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The Sheriff’s Office employs a Use of Force Ladder (see diagram on previous page) that requires a deputy to use a baton or flashlight prod and Specialty Impact Munitions (e.g., rubber bullets) before deployment and activation of the TASER unless the deputy can articulate a reason to use the higher level of force presumably represented by the TASER. The Sheriff’s Use of Force Policy, dated April 10, 2008, placed the threshold for TASER devices use immediately prior to the use of a baton or flashlight prod, providing an opportunity to avoid physical contact with a subject. The Sheriff’s current Use of Force policy places the use of a TASER device after both the physical contact use of a baton or flashlight prod and the use of SIMS.
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California Penal Code section 244.5. More information about Lexipol can be found at http://www.lexipol.com.

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Lexipol uses a toolbox8 approach, allowing the officer to use their best judgment based on the subject’s behavior. The California Highway Patrol calls this the Use of Force Option Wheel. See diagram at right.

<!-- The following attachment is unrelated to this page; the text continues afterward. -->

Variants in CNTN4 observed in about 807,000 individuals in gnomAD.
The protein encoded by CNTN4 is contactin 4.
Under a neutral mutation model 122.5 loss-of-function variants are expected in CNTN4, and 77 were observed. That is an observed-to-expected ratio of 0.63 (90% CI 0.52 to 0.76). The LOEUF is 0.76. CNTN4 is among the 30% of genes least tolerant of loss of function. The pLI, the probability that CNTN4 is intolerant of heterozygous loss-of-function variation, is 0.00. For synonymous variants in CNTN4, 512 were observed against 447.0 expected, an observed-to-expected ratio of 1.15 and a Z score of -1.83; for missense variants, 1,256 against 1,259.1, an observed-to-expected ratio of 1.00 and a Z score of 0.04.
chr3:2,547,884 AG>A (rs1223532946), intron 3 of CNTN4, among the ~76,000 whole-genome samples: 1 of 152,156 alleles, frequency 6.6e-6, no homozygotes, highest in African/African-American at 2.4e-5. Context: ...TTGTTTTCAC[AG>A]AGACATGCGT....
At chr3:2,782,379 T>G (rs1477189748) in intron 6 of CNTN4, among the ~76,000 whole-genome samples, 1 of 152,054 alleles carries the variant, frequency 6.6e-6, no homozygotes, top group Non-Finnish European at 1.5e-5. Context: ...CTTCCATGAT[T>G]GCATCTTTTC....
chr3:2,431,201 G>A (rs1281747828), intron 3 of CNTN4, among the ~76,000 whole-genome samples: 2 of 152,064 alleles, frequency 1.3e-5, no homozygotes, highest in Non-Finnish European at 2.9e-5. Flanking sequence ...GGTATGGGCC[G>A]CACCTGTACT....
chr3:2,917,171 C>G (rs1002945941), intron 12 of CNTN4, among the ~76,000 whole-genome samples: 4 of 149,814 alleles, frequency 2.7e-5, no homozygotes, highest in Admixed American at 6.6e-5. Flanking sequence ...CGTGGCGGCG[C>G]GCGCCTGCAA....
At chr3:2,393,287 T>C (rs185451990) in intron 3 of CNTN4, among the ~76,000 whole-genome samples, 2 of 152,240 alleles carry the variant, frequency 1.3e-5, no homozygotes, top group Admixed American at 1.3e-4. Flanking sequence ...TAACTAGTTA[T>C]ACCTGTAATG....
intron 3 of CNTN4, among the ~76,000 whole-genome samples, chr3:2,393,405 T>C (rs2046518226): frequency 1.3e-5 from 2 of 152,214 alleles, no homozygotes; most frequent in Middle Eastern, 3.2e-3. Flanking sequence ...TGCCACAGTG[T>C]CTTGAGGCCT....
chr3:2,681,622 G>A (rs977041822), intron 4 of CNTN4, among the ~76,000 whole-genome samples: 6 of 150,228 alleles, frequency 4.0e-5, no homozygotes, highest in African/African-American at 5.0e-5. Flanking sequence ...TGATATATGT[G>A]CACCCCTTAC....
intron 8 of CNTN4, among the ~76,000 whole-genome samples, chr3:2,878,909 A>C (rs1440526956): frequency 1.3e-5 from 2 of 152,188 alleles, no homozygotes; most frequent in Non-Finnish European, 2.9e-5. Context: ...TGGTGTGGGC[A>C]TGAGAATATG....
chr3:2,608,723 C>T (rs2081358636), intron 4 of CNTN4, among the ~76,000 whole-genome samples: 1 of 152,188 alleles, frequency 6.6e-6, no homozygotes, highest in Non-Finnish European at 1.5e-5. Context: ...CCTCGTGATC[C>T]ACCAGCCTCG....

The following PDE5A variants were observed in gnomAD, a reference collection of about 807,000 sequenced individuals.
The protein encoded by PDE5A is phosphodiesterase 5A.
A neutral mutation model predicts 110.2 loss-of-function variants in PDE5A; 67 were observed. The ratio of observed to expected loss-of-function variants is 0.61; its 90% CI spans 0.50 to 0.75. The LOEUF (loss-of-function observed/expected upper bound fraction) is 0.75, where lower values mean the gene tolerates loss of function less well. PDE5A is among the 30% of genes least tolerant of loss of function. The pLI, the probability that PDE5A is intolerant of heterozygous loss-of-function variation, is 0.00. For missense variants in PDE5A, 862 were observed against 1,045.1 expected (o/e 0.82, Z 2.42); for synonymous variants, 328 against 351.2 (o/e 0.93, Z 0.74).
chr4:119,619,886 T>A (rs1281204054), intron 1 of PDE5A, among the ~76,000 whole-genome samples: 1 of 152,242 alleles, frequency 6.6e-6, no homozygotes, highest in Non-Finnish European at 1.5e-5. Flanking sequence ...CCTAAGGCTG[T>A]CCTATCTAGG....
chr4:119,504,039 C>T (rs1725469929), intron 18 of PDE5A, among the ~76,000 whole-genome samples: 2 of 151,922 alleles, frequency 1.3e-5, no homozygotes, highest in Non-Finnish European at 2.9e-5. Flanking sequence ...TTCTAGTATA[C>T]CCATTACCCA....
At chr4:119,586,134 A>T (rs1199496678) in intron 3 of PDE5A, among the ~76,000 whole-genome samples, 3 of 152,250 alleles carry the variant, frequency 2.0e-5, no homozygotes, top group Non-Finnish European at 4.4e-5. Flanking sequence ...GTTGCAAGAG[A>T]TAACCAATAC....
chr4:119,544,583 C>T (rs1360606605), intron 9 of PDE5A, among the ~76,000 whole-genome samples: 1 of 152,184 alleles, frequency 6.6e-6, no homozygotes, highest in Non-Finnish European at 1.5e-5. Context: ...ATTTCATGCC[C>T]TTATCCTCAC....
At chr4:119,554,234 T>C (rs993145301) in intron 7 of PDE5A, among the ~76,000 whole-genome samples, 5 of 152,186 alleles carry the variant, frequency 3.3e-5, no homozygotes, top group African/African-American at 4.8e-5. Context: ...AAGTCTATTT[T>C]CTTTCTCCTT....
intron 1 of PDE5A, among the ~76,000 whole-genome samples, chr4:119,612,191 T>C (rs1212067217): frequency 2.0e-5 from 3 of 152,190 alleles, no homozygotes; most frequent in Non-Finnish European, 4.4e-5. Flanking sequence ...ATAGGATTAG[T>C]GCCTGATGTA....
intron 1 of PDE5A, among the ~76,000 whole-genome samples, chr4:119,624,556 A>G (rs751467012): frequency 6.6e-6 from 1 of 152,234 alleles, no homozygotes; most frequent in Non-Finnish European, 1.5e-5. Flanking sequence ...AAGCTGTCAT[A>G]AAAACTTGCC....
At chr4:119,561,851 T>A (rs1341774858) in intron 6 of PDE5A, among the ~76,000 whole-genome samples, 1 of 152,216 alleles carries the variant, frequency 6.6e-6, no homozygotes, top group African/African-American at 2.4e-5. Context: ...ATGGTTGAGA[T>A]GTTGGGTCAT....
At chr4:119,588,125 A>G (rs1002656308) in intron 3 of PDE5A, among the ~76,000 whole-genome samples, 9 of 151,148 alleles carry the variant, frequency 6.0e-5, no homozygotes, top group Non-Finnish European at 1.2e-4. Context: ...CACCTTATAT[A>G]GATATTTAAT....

Investigation
The Grand Jury collected information regarding the extent of standardization, the use of TASER devices and the use of Lexipol in San Mateo County using a survey, analyzed reports and documents, and conducted interviews with several Police Chiefs, the Sheriff and other personnel within their respective agencies. Officers who had actually deployed and activated a TASER in making an arrest were also interviewed. A chart summarizing information collected is provided in Appendix A. To help understand the effectiveness and limitations of the TASER device, a local police agency conducted a demonstration of a TASER device deployment and activation for the Grand Jury. Among the documents reviewed were the Use of Force manuals published by the Police Department of each city, sample post-incident Use of Force Reports, Lexipol generic standards and protocols, and other relevant documents.